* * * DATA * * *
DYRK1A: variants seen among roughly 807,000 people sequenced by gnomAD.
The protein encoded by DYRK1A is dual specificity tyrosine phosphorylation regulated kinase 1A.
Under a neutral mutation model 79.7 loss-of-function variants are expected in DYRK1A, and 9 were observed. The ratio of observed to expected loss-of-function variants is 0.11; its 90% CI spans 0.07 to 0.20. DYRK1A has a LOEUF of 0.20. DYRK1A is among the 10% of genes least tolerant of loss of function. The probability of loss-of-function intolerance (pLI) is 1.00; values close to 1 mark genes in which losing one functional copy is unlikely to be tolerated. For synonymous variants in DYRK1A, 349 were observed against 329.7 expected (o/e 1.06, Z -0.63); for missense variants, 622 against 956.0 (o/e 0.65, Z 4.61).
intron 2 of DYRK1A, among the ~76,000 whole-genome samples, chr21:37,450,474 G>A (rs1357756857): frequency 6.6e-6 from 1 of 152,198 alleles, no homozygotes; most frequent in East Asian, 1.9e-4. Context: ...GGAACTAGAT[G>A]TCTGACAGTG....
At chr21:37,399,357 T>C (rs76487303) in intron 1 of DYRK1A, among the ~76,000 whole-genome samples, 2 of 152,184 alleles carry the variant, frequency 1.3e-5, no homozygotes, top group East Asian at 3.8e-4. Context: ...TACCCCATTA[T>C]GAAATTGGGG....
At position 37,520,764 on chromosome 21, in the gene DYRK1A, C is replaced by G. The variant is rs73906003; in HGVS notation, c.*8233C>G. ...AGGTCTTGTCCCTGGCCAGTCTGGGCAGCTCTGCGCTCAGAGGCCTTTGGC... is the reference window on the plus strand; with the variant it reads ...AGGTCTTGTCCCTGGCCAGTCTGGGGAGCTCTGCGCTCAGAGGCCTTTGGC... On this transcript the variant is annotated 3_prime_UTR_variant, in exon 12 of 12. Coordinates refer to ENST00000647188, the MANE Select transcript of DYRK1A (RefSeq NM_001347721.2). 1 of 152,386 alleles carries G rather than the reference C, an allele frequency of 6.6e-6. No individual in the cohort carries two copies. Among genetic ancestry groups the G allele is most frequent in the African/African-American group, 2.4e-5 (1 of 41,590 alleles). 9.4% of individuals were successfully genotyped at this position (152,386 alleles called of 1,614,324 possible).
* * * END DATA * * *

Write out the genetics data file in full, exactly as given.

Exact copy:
DYRK1A: variants seen among roughly 807,000 people sequenced by gnomAD.
The protein encoded by DYRK1A is dual specificity tyrosine phosphorylation regulated kinase 1A.
Under a neutral mutation model 79.7 loss-of-function variants are expected in DYRK1A, and 9 were observed. The ratio of observed to expected loss-of-function variants is 0.11; its 90% CI spans 0.07 to 0.20. DYRK1A has a LOEUF of 0.20. DYRK1A is among the 10% of genes least tolerant of loss of function. The probability of loss-of-function intolerance (pLI) is 1.00; values close to 1 mark genes in which losing one functional copy is unlikely to be tolerated. For synonymous variants in DYRK1A, 349 were observed against 329.7 expected (o/e 1.06, Z -0.63); for missense variants, 622 against 956.0 (o/e 0.65, Z 4.61).
intron 2 of DYRK1A, among the ~76,000 whole-genome samples, chr21:37,450,474 G>A (rs1357756857): frequency 6.6e-6 from 1 of 152,198 alleles, no homozygotes; most frequent in East Asian, 1.9e-4. Context: ...GGAACTAGAT[G>A]TCTGACAGTG....
At chr21:37,399,357 T>C (rs76487303) in intron 1 of DYRK1A, among the ~76,000 whole-genome samples, 2 of 152,184 alleles carry the variant, frequency 1.3e-5, no homozygotes, top group East Asian at 3.8e-4. Context: ...TACCCCATTA[T>C]GAAATTGGGG....
At position 37,520,764 on chromosome 21, in the gene DYRK1A, C is replaced by G. The variant is rs73906003; in HGVS notation, c.*8233C>G. ...AGGTCTTGTCCCTGGCCAGTCTGGGCAGCTCTGCGCTCAGAGGCCTTTGGC... is the reference window on the plus strand; with the variant it reads ...AGGTCTTGTCCCTGGCCAGTCTGGGGAGCTCTGCGCTCAGAGGCCTTTGGC... On this transcript the variant is annotated 3_prime_UTR_variant, in exon 12 of 12. Coordinates refer to ENST00000647188, the MANE Select transcript of DYRK1A (RefSeq NM_001347721.2). 1 of 152,386 alleles carries G rather than the reference C, an allele frequency of 6.6e-6. No individual in the cohort carries two copies. Among genetic ancestry groups the G allele is most frequent in the African/African-American group, 2.4e-5 (1 of 41,590 alleles). 9.4% of individuals were successfully genotyped at this position (152,386 alleles called of 1,614,324 possible).